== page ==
Over the course of seven years, Broadstone Net Lease, Inc.(BNL) has gone from focusing on acquiring fast food and convenience store properties to expanding its portfolio reach to include medical office facilities and industrial sites as well.
As a private REIT, BNL, which is managed by Broadstone Real Estate, LLC and Broadstone Asset Management, LLC, uses a non-credit rated strategy that eases the pressure on the company to deploy significant amounts of capital quickly. It enables BNL’s management team to take its time and cherry pick quality assets in deals that might take a long time to underwrite, negotiate and structure. BNL has also been able to utilize the UPREIT structure to make attractive acquisitions and raise additional capital by helping property sellers to diversify their investments and defer triggering capital gains taxes.
“With non-rated credit tenants, there is a lot more underwriting that needs to be done, and this is the place where our team is able to distinguish good tenants, structure creative credit enhancements and add value for investors,” says Amy Tait, Broadstone Real Estate’s chairman and CEO. “We have found that our efforts have resulted in an excellent track record of rent collections—over 99 percent, even through the recession. Also, we have been rewarded several times when our tenants have merged with or been acquired by public rated companies—thereby increasing their credit quality and supporting higher valuations.”
Getting to Know You
For Tait, real estate is a family affair. In 1994, she joined with her father, Norman Leenhouts, in taking multifamily REIT Home Properties (NYSE: HME) public. Tait retired from Home Properties in 2001, and she says starting another company was not originally in the plans.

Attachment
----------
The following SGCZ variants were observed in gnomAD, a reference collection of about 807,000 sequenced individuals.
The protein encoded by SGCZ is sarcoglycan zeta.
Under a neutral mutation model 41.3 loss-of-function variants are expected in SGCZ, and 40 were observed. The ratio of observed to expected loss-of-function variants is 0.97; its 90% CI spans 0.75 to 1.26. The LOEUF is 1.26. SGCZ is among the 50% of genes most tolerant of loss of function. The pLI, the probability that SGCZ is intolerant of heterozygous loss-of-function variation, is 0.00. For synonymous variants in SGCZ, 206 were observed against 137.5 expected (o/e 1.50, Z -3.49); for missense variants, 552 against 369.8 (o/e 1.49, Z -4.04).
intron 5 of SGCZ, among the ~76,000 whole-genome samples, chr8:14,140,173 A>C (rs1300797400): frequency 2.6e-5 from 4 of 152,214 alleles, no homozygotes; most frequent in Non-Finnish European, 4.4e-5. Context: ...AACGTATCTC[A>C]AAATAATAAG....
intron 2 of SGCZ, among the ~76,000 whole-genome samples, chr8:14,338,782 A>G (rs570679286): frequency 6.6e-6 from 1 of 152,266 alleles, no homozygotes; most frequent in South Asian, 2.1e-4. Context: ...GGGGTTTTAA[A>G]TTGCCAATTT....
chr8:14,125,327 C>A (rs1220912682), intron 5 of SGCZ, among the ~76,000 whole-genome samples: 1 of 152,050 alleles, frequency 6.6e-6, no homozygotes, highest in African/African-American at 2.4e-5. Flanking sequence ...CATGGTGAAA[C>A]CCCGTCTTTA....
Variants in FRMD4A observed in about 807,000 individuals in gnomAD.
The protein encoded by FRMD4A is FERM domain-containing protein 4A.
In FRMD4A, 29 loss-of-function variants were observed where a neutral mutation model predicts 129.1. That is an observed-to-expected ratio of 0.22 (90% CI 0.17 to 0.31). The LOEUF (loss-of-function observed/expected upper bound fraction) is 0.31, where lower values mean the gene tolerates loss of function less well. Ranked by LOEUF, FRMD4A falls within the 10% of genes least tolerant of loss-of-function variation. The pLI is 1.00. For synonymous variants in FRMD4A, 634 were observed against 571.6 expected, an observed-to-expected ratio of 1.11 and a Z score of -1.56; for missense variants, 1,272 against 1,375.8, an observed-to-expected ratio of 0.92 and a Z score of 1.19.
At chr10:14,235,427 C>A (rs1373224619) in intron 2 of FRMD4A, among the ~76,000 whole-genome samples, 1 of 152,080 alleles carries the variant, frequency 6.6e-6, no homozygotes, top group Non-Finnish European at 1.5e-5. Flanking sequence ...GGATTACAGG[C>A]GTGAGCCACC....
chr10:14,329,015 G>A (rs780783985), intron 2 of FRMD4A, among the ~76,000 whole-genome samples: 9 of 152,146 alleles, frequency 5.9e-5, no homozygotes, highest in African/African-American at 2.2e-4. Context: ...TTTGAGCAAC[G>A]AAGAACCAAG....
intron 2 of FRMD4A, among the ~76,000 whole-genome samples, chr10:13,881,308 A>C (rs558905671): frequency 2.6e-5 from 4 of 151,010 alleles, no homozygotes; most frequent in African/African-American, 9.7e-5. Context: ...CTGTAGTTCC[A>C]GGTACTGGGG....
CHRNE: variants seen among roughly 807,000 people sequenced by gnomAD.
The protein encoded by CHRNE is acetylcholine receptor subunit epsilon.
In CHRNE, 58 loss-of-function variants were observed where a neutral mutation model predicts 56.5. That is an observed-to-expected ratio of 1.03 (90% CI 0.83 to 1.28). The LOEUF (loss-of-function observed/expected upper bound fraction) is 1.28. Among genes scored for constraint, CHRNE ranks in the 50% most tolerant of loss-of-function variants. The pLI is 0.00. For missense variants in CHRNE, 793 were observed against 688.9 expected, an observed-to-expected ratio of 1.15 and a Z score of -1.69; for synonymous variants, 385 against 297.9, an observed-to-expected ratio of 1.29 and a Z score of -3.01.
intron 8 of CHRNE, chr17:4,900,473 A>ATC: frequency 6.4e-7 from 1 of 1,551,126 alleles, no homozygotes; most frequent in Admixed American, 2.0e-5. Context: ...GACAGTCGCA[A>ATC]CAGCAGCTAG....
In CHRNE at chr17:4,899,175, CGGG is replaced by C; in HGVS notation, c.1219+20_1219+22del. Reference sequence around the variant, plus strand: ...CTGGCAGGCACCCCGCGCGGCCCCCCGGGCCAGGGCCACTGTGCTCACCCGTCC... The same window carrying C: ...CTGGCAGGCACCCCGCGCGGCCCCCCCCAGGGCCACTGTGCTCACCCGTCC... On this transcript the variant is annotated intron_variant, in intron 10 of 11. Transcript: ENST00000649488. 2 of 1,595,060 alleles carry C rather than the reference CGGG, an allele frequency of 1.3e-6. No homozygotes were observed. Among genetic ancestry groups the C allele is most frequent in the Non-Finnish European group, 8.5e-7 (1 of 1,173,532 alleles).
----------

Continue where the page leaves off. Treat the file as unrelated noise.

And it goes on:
“Our family initially started acquiring net leased properties in 2006 as a way to diversify our personal real property investments by geography and industry. By the end of 2007, we had acquired 18 properties on our own, and it became clear to us that this was a sector that delivered a risk-adjusted return that would be attractive to other investors,” Tait says. “Additionally, if we could find 100 shareholders to join with us, we could all benefit from the corporate governance and simplicity of utilizing the REIT structure. Well, after just a few meetings at our local country clubs, we had more than 100 ‘friends and family’ investors at our initial closing on Dec. 31, 2007, and we have continued to grow steadily since then.”
Broadstone Net Lease, Inc.
Corporate Address: 530 Clinton Square,
Rochester, NY 14604
Amy L. Tait
Chairman & CEO;
Kevin F. Barry
When it began in 2007, BNL acquired mostly smaller retail assets, such as quick-service restaurants and convenience stores, in the net lease sector. The strategy provided excellent diversification for shareholders both on a tenant and geographic basis. From there, it moved toward acquiring medical office properties. It made BNL unique in the net lease sector, but the move was a natural fit with its desire to build a recession-resistant portfolio.
“Finally, as BNL grew we were able to add net leased industrial assets to the portfolio, which now make up a third of our assets,” says Chris Czarnecki, Broadstone’s CFO. “These assets tend to be a bit larger (both physically and cost-wise) from the medical and retail assets.”
BNL now owns 172 properties in 26 states, all 100 percent leased. All include contractual rent increases. None of the leases expires before 2020, and the average remaining lease term is nearly 15 years.
“We are close to our target of one-third medical, one-third industrial, and one-third fast food and convenience stores,” Tait says. “We have assembled this portfolio with approximately $300 million of equity capital raised directly from high net worth individuals and small institutions, combined with a conservative level of leverage.”
Czarnecki says that from a debt perspective, banks are more willing to lend today, providing excellent financing opportunities for the REIT.
“BNL is principally an unsecured borrower and we have a tremendous bank syndicate group that has helped us achieve this even as a private company,” he says. “Borrowing spreads appear to be compressing, and banks are still looking to put capital to work for borrowers in the REIT space.”